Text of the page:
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Moon Rocket

Robert Goddard's early musings about building a rocket large enough to reach the moon were met with considerable skepticism. "Well, Robert," colleagues sarcastically asked when his missiles fizzled, "how goes your moongoing rocket?"

Even after his first moderate success (a liquid-fueled rocket named Nell which flew 184 feet in March 1926), many skeptics remained unconvinced. Indeed, when Goddard launched an 11-foot missile one day in 1929, the local paper covered the story beneath a cynical headline: MOON ROCKET MISSES TARGET BY 238,799 1/2 MILES.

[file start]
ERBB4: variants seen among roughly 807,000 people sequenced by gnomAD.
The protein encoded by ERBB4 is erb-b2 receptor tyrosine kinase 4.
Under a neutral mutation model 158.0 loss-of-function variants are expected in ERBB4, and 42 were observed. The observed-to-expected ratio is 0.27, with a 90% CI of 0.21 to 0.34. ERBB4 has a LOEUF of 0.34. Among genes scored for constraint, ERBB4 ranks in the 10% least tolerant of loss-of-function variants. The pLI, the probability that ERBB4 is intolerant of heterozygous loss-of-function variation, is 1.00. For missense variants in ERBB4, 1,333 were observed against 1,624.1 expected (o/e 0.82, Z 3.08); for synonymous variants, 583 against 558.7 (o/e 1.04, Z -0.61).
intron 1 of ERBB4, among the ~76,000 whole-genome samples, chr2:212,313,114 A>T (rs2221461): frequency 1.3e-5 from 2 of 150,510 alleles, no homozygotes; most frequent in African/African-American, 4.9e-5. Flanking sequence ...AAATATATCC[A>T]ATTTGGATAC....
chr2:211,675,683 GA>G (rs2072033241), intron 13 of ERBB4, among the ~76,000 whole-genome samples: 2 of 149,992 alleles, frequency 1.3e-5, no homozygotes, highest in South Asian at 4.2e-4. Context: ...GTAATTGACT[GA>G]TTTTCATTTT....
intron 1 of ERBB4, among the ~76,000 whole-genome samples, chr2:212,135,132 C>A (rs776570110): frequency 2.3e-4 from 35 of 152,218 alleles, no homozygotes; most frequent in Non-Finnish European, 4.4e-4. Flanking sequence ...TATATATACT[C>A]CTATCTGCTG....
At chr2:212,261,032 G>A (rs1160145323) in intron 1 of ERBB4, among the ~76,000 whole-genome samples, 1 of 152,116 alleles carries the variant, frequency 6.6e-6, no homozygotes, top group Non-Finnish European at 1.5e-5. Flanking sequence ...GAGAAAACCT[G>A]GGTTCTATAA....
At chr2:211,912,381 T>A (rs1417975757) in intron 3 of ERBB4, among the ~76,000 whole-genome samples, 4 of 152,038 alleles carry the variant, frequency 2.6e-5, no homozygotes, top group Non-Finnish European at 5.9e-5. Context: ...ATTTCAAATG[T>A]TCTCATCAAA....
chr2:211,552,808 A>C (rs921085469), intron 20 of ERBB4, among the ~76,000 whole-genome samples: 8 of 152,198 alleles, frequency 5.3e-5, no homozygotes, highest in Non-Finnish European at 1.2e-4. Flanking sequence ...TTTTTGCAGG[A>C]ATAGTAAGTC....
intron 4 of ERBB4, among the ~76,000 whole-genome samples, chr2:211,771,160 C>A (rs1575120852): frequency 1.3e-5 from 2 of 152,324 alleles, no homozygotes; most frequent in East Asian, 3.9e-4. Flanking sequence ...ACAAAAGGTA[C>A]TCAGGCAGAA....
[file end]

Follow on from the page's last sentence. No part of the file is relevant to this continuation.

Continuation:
[In 1930, with the promise of a $100,000 grant from financier Harry Guggenheim, Goddard and his wife Esther moved to Roswell, New Mexico (home to Area 51), where the land was vast, the skies clear -- and where the locals, they were told, minded their business.]

[On October 19th, 1899, Goddard, who was 17 at the time, climbed a cherry tree in his backyard and experienced what he later called an epiphany. Looking at the stars, he "imagined how wonderful it would be to make some device which had even the possibility of ascending to Mars." In his diary he wrote, "...when I descended the tree... existence at last seemed very purposive." Goddard later called October 19th his "Anniversary Day," the day he first decided to build spaceships.]

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